If somehow what isn't apparent now, this next major step down can flatten out into another attempted recovery, how much smaller will the US economy be? How many empty homes, shuttered businesses, etc. As the process of disenfranchisement occurs, there is less of a base to pay taxes to hold it all together, it becomes an accelerating downward spiral. We are not far away from a big acceleration.


Gadaffi mounts new offensive to take Brega, but it looks like cracks are starting to appear:

Meanwhile, in the capital Tripoli, angered by fuel shortages and long queues for basic goods caused by sanctions and air strikes, some residents began openly predicting Gaddafi's imminent downfall.


President Obama, in his major energy policy speech last week, asserted: "There are even cars rolling off assembly lines in Detroit with combustion engines that can get more than 50 miles per gallon."

Apparently Obama's 50 mpg gas-engine car is in fact a Chevy Cruze rated 42 mpg on the highway. The White House states that the car "can achieve more than 50 mpg under the right conditions".

Why is Obama confusing people? He should stick with government ratings. Next he will tell us there is 50 gallons of oil in a 42 gallon barrel.


"can achieve more than 50 mpg under the right conditions"*

*Please note under the right conditions may include going down hill, coasting to a stop or freefall.

It still puzzles me every time someone posts a pic from that genre. Is there any reality, or are they all just silly jokes? What could possibly ever be the point of dragging such an enormous mass around when it's not even providing shelter? Just the wheels, tires, and axle probably weigh more than a proper light buggy.

You can still lock the trunk, with the remote, while you go shopping.

The wheels, tires, and axle are heavier but roll easier over that flat, sandy terrain than any light buggy they can easily make.

You should spend some time around here :) Complete back axles are commonly used in carts and there are other interesting improvisations around too.


Sophisticated suspension system and a catalytic converter for the ass gas.

The back end of a compact car is not all that heavy. Two guys can pick up the back end of a VW Rabbit. If there are no steep grades around, half a car can make a very practical donkey cart. Especially compared to whatever else that guy could make out of two dead trees and a pocket knife.

Not to make light of the bad news on high oil prices, but the Offshore Technology Conference in Houston should be a money maker this year. Free shrimp for everybody!


The Experts Predict the Year 2000...and 2100

But bear in mind that in doing this sort of assessment we tend to be cognitively biased: We focus on “hits” while downplaying “misses,” even stretching vague language in order to turn “maybes” into “hits” (which is why Nostradamus continues to successfully predict the news after all these centuries). Hence, judge carefully. And when you’re done, ask yourself how accurate an attempt today to peer much further into the future is likely to be.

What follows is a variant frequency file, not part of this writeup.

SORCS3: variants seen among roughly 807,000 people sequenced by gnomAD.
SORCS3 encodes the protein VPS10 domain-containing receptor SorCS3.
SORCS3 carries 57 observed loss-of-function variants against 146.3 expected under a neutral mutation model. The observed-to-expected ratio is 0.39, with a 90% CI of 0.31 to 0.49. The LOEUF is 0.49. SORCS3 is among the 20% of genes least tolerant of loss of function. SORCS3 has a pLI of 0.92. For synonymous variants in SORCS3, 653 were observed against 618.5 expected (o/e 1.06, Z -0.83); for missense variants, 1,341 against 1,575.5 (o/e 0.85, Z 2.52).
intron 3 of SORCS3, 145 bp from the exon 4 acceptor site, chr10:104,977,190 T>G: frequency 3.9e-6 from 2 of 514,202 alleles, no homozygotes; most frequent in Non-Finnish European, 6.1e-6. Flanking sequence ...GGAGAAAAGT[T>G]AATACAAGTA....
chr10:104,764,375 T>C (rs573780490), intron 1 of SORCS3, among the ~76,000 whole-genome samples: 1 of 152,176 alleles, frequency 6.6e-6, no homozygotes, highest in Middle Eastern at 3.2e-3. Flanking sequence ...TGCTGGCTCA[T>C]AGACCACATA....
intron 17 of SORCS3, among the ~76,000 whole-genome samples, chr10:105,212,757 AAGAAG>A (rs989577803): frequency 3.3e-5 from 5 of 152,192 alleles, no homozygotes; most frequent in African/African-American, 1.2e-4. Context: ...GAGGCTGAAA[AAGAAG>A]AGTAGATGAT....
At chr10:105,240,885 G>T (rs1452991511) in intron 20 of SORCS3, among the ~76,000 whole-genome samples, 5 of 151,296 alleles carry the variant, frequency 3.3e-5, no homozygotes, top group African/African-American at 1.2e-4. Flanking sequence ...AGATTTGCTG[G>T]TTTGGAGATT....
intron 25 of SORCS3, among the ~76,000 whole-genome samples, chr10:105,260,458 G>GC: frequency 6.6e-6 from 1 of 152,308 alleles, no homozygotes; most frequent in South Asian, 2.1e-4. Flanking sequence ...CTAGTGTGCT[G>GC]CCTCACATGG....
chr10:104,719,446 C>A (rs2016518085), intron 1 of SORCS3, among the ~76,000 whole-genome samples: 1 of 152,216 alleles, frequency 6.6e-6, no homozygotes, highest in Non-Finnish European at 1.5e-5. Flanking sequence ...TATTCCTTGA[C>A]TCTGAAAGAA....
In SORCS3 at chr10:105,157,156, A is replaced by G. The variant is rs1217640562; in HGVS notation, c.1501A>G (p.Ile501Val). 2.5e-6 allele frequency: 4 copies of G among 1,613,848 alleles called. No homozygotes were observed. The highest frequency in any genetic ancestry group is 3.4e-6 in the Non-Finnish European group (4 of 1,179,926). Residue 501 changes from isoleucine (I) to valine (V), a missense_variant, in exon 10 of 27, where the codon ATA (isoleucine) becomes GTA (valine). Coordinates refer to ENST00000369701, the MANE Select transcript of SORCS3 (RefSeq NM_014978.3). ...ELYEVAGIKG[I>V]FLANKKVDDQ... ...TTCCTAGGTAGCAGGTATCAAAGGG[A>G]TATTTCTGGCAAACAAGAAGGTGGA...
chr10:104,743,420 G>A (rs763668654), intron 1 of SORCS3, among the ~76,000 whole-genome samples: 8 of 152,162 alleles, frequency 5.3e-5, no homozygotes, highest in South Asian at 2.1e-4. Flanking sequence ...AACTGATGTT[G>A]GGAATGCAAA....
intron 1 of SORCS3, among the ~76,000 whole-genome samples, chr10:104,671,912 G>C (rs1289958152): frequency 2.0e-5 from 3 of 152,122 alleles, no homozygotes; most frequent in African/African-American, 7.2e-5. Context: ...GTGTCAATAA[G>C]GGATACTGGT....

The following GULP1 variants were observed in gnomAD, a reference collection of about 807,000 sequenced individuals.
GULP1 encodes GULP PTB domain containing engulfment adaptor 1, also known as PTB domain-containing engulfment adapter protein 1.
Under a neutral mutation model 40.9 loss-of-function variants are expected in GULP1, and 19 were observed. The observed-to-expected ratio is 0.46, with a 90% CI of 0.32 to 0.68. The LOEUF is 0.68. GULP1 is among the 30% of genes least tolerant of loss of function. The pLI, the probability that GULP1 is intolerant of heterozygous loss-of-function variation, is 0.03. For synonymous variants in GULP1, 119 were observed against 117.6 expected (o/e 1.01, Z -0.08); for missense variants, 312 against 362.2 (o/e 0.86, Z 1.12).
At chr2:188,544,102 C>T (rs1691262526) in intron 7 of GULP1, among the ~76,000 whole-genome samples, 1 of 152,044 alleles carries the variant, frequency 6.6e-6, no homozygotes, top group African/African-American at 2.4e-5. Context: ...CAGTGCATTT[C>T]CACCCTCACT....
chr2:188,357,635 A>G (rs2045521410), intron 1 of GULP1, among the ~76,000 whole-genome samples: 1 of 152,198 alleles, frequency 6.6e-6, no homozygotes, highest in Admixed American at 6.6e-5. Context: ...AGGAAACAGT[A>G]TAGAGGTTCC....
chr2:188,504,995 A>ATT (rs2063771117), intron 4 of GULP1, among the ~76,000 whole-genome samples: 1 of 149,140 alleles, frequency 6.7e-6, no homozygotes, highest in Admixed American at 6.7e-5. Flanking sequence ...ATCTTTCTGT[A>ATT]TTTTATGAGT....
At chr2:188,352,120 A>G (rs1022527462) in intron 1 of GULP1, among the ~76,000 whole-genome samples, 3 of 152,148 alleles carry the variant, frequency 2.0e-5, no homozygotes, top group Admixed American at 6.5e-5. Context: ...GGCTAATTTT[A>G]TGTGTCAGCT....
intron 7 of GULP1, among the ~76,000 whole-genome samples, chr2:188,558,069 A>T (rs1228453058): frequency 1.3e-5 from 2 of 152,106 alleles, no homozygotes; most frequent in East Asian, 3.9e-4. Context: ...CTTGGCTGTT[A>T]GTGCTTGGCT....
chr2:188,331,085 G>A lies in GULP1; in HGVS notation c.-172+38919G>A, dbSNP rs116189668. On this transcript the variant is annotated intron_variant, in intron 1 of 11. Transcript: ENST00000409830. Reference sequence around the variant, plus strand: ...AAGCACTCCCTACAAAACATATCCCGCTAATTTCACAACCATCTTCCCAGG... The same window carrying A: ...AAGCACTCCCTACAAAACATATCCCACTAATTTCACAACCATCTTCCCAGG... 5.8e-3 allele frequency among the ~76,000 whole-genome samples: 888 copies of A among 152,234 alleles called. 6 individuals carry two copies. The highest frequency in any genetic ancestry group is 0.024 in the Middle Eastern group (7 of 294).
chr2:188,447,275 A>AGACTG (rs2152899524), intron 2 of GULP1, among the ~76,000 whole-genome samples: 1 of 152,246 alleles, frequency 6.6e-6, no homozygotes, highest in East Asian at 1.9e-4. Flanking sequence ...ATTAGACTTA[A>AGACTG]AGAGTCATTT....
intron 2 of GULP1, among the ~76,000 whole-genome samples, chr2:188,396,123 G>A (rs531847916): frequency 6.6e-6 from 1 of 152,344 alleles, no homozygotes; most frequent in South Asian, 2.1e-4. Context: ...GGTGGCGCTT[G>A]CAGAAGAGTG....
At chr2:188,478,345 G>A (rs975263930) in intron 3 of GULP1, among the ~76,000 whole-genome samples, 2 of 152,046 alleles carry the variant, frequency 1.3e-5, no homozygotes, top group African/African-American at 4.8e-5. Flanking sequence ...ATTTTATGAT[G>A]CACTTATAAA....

I'm sure the desal part grabbed you. I was surprised at the the number of correct inferences, and that the incorrect ones seemed to center on energy. Maybe that just the lens I filter with, but it seems 60's scientists took unlimited energy for granted.

Some better news at last?

Ivory Coast: Laurent Gbagbo 'negotiating surrender'

The UN says three generals loyal to Ivory Coast's besieged President Laurent Gbagbo are negotiating terms for surrender in return for guarantees of safety for him and themselves.

Gold Rises to Record $1,456.40 on Ounce on ‘Chaos' Hedge; Silver Tops $39

Gold futures surged to a record of $1,456.40 an ounce as sovereign-debt concerns boosted demand for the precious metal as an alternative asset. Silver prices topped $39 an ounce.

The cost of insuring Portugal’s debt rose to an all-time high. The conflict in Libya and the nuclear crisis in Japan spurred demand for gold as an investment haven. The metal has jumped 28 percent in the past year, and silver more than doubled.

“There’s still turmoil in the Middle East, uncertainty in Japan and possible sovereign-debt defaults,” said Adam Klopfenstein, a senior strategist at Lind-Waldock, a broker in Chicago. “There’s still demand for gold and silver as a hedge against chaos.” ...

...Japanese stocks fell the most in three weeks after Tokyo Electric Power Co. began dumping radioactive water from its Fukushima Dai-Ichi nuclear station into the sea.

US stocks somewhat flat for the day.

A peak oil post on Balloon Juice (a political blog):

The Collapse of the American Empire Won’t Be Televised…


The post contains a link to a post on a different political blog, which begins:

NEW VOICE COLUMN UP, about the conservative answer to Earth Hour, called Human Achievement Hour, in which the faithful blazed their lights and fired up their appliances to demonstrate opposition to environmentalism.